A person grows according to environmental variables just like plant-life.  A mulberry tree on one street produces a tart berry, on a different street a sweet berry.  There are many reasons for this–sun exposure and soil, age of the tree, and so on.  Children grown in this manner as well.  One type of environment and one kind of expectation will yield one narrow type of person and not one who will be very much “him/herself”–but rather simply a replication of cultural expectations.  Unfortunately, this is what so many people think school should do.

I am not one of them.  If you have the chance to “plant” your child in a mult-age school environment I think you should do so.  They will grow in surprising ways but they will grow consistently in empathy and understanding.


photo credit: IMLS DCC’s photostream

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  1. focus May 31, 2012 at 6:07 pm

    Fascinating. I haven’t seen any of these multi-age classrooms, especially with such an age range of K-6.
    I think the multi-age grouping does have a positive effect.
    Our children go to a small school. The classes are arranged by age but there is only one class per grade. The older children (6-8th) come into the classrooms of K-2 as “older buddies.”
    They read together, occasionally join their “buddies” for lunch, and keep track of the smaller children at Mass. They also oversee (by their choice, not by pressure or direction of teachers or principal) some of the recess activities and interact with the younger children to during their games. It creates a cross age interaction which is nice to see. The 4th grade, particularly the girls, tend to look after the Kindergarten crowd.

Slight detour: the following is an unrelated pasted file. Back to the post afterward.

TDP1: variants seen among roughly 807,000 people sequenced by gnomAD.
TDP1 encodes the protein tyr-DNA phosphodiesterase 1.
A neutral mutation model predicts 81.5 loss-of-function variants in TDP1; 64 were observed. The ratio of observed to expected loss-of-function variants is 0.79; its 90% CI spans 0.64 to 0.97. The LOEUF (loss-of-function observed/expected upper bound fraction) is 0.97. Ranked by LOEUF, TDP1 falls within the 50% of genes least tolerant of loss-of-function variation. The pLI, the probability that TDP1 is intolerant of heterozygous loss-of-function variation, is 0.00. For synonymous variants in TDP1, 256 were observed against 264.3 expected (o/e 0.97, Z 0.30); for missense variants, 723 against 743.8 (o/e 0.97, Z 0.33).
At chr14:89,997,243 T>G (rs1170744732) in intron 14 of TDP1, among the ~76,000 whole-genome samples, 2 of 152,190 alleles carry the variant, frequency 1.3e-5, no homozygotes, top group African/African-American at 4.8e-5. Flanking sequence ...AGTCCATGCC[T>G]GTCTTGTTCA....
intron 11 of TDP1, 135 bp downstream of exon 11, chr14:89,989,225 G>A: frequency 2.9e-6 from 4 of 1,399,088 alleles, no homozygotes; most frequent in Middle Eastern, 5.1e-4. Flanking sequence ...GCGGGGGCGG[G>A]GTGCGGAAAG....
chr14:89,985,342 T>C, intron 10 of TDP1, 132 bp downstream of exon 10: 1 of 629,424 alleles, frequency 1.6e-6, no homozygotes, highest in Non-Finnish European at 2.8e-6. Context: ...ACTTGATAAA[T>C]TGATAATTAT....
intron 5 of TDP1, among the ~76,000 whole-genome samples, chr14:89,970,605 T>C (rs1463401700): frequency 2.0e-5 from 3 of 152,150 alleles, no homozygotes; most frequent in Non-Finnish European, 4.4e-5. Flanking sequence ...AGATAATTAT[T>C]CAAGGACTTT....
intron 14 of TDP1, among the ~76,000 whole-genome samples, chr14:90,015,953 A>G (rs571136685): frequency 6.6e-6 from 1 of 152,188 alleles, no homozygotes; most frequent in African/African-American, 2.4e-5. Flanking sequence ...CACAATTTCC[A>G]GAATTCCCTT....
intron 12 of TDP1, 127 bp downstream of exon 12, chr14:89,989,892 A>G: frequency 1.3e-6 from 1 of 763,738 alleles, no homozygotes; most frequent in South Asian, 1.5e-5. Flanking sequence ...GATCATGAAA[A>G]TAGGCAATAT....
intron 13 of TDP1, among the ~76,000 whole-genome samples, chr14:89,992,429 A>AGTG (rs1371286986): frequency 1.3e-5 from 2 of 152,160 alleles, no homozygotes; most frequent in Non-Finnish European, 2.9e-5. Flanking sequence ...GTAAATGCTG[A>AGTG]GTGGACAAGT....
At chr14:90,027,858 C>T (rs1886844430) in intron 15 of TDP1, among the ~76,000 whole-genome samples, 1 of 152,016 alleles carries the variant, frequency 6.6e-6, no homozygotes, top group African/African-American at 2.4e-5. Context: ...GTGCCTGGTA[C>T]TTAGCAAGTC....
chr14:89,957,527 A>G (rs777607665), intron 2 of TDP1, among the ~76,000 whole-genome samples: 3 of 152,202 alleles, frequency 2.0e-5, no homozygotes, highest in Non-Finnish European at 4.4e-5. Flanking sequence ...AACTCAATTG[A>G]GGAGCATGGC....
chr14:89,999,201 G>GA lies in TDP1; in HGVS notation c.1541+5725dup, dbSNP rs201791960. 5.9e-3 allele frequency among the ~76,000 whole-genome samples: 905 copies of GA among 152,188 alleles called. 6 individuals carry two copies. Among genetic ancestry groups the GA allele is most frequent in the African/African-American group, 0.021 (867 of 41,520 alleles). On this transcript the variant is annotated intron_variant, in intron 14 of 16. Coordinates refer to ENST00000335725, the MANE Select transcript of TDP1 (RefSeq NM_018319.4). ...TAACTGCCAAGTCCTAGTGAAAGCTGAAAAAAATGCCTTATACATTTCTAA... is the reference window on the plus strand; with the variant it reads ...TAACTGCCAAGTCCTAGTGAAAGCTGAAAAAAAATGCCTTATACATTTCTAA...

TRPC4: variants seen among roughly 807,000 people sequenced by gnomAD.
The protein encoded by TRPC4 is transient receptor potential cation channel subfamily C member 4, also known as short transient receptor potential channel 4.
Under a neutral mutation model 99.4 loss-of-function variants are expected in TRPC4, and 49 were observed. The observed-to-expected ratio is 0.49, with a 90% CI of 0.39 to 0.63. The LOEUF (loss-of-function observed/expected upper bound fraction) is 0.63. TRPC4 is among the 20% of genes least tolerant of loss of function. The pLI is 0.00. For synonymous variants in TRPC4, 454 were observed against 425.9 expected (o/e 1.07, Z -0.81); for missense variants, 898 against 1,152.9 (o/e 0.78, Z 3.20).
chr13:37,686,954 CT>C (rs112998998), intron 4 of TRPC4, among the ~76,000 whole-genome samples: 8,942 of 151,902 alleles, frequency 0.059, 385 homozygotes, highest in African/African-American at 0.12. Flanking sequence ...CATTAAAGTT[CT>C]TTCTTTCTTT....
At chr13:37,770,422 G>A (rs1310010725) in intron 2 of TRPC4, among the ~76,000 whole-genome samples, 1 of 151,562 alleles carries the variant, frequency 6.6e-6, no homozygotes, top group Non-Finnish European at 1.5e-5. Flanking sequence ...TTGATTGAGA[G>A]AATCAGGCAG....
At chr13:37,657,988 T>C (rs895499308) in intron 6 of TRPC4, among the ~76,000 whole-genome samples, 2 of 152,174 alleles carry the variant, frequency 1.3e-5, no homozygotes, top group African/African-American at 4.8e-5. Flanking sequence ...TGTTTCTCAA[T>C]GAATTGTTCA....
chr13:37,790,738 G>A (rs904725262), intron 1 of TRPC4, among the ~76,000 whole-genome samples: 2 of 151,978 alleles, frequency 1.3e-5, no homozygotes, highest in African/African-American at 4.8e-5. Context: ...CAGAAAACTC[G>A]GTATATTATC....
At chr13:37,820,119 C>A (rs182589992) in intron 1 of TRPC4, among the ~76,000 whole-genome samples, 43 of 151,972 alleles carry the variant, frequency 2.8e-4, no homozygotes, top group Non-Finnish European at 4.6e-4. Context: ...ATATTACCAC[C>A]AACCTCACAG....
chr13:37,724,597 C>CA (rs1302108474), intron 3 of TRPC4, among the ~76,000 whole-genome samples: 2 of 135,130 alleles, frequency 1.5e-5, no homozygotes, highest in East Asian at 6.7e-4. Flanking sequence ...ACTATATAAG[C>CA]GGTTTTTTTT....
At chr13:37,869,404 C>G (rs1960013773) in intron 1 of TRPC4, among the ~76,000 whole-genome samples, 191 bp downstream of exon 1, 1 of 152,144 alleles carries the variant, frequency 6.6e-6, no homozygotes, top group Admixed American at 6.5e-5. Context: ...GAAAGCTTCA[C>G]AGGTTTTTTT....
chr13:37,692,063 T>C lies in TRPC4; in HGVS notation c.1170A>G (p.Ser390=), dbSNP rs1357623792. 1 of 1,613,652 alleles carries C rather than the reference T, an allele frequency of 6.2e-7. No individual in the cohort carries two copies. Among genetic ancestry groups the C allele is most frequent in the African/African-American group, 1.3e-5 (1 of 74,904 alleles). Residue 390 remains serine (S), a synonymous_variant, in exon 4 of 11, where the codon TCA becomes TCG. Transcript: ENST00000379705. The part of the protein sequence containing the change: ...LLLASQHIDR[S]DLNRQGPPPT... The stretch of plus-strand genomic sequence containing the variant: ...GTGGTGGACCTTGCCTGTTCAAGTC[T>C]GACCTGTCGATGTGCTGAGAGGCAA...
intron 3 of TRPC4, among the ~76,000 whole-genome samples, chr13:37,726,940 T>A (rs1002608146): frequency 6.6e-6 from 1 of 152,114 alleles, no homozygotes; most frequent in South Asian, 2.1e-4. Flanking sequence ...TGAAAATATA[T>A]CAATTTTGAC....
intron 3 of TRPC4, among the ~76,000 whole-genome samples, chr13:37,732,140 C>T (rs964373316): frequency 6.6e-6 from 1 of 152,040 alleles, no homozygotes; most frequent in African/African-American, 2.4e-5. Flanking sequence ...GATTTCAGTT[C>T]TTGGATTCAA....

1. Douglas Storm May 31, 2012 at 6:28 pm

      I also like the freedom of gender relationships and a kind of free play of gender roles that seems to be available in their community.

      Also, this particular class “partners” with the special education program at school and the kids are so caring and attentive to these class members.

      I would encourage you to go to the school and talk about this kind of class organization with the administrators and teachers.

  2. focus May 31, 2012 at 6:39 pm

    Actually now that I think about it I was in some multi-age classes in 3-5th grade. Except we didn’t have a classroom. The 70’s you know–full of ideas about education that didn’t really work out quite so well. No classrooms. No chairs. No desks. Mostly independant work. Had to call our teachers by their first names.
    It was loud and disorganized. But fun. I don’t remember a lot of actual teaching except in math. Our independant reading group had some fun discussions of our selected books up in the loft. Your version sounds much better.

    1. Douglas Storm May 31, 2012 at 7:09 pm

      Disorganized sounds perfect! Creativity in chaos!

      1. focus June 1, 2012 at 11:05 am

        it wasn’t creativity in the chaos actually. It would have been great to have that. It was just us sitting around goofing off with no teachers in earshot. Not ideal.

        1. Douglas June 1, 2012 at 11:08 am

          Perhaps that is ideal, focus…teachers, in their common and accepted guise, are more often than not a kind of “limitation” on children.

  3. focus May 31, 2012 at 6:40 pm

    The old one-room schoolhouses were just such multi-age classrooms as you describe. Many children, at different levels of learning, all being taught by one teacher and interacting with each other and the subjects at hand together.

    1. Douglas Storm May 31, 2012 at 7:08 pm

      There were certainly issues with that–Thoreau was a teacher in one for about two weeks–mostly rote “lessons” and caning and smoke-filled rooms!

      But as I believe we can take what we know now and apply it “backwards” to make what was “ideal” operable via current understanding.

      1. focus June 1, 2012 at 11:07 am

        yes I agree with that. The original one-room schoolhouse was not ideal–for the reasons you describe and likely while Thoreau lasted about 2 weeks!
        There are many ways to make that a viable option and work backwards as you say with what we now know. Here is where our research and, dare I say it, our access to technology in the classroom may serve a higher purpose.